McConnell, Harold||Flemal, Ronald C.
M.S. (Master of Science)
Department of Geography
When compared with fluvial geomorphology, it is evident that the present state of karst geomorphology is one of minimal understanding and sophistication. For equivalent lawfulness to evolve in karst geomorphology, it is imperative that some hypothesis of karst formation and distribution be universally accepted. This study addresses the utility of an overriding hypothesis that the spatial distribution of karst depressions results from geomorphic processes which contain random or quasi-random components. The spatial variation of karst surface depression development is considered within the framework of macroscopic randomness of geomorphic process. To operationalize the stochastic model, three alternative hypotheses are assessed with quadrat methods at the .20 level of significance for their plausibility of being responsible for the spatial distribution of karst depressions on the Blue River Limestones in the unglaciated portion of the Mitchell Plain of south-central Indiana. Data for the analysis were collected from 7.5 minute series U. S. Geological Survey topographic quadrangles. Results of the analysis indicate that two mutually independent, non-equally important random spatial processes of cavern roof collapse and surface corrosion are conceivably responsible for the spatial distribution of karst depressions in the unglaciated Mitchell Plain.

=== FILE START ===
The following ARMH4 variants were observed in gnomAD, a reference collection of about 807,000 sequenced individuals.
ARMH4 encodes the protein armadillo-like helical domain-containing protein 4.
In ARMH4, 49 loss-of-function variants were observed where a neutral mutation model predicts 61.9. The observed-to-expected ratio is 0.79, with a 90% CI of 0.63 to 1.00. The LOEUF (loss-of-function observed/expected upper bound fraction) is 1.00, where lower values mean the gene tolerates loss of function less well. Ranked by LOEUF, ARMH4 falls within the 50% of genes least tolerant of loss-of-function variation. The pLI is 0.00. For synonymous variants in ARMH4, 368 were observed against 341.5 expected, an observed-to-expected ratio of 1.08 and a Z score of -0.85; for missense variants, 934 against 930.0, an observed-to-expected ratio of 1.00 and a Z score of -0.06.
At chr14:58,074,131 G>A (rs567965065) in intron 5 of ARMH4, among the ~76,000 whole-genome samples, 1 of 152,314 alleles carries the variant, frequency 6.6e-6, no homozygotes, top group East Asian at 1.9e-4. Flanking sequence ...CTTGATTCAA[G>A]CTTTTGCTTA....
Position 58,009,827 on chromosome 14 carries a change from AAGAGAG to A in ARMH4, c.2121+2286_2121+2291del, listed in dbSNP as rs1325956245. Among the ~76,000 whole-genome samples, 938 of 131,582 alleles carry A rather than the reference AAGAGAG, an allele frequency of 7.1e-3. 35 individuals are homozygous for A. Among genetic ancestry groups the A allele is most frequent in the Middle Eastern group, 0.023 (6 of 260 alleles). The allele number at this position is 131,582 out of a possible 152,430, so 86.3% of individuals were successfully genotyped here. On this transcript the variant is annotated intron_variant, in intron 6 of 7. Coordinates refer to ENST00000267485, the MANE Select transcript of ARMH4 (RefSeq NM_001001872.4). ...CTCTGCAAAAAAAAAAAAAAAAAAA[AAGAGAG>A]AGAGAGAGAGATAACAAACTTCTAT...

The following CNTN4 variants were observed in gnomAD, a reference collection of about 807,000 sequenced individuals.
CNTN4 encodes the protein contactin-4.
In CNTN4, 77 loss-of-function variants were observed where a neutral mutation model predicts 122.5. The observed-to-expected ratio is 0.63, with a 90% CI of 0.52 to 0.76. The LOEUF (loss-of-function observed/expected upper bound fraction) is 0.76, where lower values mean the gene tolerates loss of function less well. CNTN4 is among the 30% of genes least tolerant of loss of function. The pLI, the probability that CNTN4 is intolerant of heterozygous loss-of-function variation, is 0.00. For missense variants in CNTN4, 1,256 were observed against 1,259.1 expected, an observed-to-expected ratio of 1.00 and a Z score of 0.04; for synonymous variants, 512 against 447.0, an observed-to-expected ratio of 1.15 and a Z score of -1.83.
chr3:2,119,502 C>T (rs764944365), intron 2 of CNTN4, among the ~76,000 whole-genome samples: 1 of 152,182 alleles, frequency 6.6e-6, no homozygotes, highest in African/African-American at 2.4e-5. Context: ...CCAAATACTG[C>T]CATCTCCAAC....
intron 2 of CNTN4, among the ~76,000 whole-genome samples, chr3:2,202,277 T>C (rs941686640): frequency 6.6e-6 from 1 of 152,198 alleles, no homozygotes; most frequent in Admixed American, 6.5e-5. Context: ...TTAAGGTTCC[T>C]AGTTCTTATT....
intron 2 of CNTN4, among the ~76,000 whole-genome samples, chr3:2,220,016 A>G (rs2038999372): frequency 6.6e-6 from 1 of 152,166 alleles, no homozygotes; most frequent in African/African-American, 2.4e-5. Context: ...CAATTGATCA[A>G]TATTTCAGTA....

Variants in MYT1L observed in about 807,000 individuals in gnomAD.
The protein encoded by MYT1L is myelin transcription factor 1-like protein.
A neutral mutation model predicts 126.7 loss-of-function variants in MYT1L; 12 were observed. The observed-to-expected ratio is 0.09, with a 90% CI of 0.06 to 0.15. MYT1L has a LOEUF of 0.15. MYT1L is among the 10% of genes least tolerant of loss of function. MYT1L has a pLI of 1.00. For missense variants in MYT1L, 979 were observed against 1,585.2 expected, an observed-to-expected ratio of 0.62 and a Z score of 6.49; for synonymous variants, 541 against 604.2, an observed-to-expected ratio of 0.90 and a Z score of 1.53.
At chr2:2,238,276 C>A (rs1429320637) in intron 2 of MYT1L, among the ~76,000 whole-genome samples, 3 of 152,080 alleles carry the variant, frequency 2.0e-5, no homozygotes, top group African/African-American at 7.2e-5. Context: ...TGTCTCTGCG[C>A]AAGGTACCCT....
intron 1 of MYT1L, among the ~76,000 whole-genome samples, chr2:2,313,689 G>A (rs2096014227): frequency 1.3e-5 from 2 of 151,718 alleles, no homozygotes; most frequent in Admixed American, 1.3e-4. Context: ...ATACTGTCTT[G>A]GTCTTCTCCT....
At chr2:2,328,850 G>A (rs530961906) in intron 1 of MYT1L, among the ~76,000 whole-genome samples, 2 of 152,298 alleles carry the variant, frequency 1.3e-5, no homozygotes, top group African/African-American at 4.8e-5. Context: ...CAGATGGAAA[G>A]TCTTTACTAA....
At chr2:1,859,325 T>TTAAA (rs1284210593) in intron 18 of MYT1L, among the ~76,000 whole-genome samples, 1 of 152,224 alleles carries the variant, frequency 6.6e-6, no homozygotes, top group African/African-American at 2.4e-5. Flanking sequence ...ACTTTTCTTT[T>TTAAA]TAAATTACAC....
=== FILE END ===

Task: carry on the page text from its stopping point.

Horn, James M., "Processes of surface karst formation : a statistical analysis" (1971). Graduate Research Theses & Dissertations. 4527.
ix, 65 pages
Northern Illinois University
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